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From: David B. Held (dheld_at_[hidden])
Date: 2002-08-01 23:43:24

"Ihsan Ali Al Darhi" <iad929_at_[hidden]> wrote in message
> What is the industrial strength of such a library? I mean in what
> I may want or need to use MPL or meta prograamming in general?

Well, unfortunately, I'm not the most qualified person to answer those
questions. Andrei has answered the last question to some extent in
Modern C++ Design, which is probably a must-read for this type of
stuff. For metaprogramming wannabes, the obvious places to start
using MPL and MPL-type facilities include compile-time type switches,
hierarchy generators, and compile-time arithmetic.

An instance of the first would be to specialize a generic class/algorithm
if the actual type matches some criteria, in which you could use mpl::if_.
For an instance of the second, consult MC++D. ;) And off the top of
my head, I seem to recall there are times when a compile-time gcd
computation is useful (for computing alignment and such). A more
advanced usage of MPL can be found in the MPL paper, which
describes the outline of an FSM generator, which is quite cool, IMO.

Getting a little off this topic, I would like to say that I predict the
usefulness of MPL's iterators will not be ultimately judged by the fact
that they work with various compile-time sequences. The STL iterator
is not powerful because it's a cute way to access the contents of a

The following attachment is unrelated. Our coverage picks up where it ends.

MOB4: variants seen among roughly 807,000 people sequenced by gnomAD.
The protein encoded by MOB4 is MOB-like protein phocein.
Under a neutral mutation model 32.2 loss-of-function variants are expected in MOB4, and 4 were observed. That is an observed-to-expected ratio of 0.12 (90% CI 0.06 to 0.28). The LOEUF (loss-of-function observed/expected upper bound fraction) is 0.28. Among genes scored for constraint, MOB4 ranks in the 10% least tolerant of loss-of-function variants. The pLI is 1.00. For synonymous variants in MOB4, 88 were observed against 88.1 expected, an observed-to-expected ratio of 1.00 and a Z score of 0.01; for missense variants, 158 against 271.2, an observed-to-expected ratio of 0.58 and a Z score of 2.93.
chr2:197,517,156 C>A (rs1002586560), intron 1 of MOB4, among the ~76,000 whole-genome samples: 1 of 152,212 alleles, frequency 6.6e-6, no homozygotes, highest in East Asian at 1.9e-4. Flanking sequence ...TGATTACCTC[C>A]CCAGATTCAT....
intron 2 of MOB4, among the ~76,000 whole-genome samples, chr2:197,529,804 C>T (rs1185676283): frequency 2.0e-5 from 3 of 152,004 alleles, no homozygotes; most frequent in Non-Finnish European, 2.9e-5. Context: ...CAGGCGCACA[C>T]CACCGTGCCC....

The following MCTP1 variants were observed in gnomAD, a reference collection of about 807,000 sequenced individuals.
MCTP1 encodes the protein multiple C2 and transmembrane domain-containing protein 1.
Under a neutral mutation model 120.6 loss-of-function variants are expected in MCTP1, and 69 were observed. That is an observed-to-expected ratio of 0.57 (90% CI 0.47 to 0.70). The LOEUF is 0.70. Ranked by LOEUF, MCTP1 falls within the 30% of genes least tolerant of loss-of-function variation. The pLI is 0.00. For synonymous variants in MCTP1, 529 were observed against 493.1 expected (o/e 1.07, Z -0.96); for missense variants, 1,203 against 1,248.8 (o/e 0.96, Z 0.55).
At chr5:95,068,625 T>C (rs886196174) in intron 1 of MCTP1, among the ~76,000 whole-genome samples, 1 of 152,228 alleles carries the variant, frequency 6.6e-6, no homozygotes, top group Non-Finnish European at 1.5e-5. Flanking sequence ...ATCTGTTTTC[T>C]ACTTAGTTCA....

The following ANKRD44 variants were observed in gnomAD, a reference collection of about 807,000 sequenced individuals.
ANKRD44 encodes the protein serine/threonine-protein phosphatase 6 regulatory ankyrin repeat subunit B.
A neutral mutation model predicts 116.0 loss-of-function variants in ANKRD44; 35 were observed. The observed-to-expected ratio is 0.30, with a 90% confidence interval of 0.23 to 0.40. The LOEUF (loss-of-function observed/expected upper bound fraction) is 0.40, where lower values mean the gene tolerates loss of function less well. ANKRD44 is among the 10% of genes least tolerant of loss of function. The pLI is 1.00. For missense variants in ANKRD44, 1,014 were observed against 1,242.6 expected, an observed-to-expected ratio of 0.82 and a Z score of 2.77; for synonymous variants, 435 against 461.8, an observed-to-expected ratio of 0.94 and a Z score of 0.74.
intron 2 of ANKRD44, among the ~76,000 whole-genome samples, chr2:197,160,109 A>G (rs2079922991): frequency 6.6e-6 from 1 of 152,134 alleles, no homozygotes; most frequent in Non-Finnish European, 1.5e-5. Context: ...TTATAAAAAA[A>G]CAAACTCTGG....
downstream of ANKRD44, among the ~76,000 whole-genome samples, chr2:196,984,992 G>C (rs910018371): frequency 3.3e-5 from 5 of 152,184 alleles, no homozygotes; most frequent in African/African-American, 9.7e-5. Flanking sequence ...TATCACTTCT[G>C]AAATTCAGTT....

standard container. It is powerful because it defines an abstract set
of concepts that allow you do wonderful things in a generic way. In
particular, the iterator_adaptors library probably highlights the true
power of the iterator in a most appropriate way. Thus, I would like to
make this rather bold and completely unfounded prediction:

    I predict that MPL's iterators will ultimately be shown to be
    useful because of the genericity of the iterator concept itself.
    This will allow the creation of meta-iterator-adaptors that will
    harness the formal notion of an iterator (and meta-iterator) to
    produce unexpected but useful non-container iterators that will
    seamlessly integrate with existing meta-algorithms.

Unfortunately, I don't have the insight or expertise to produce
examples of such beasts. But eventually, either by accident or intent,
someone more clever than me will attempt such a thing, and thus
decide the success of my prediction.


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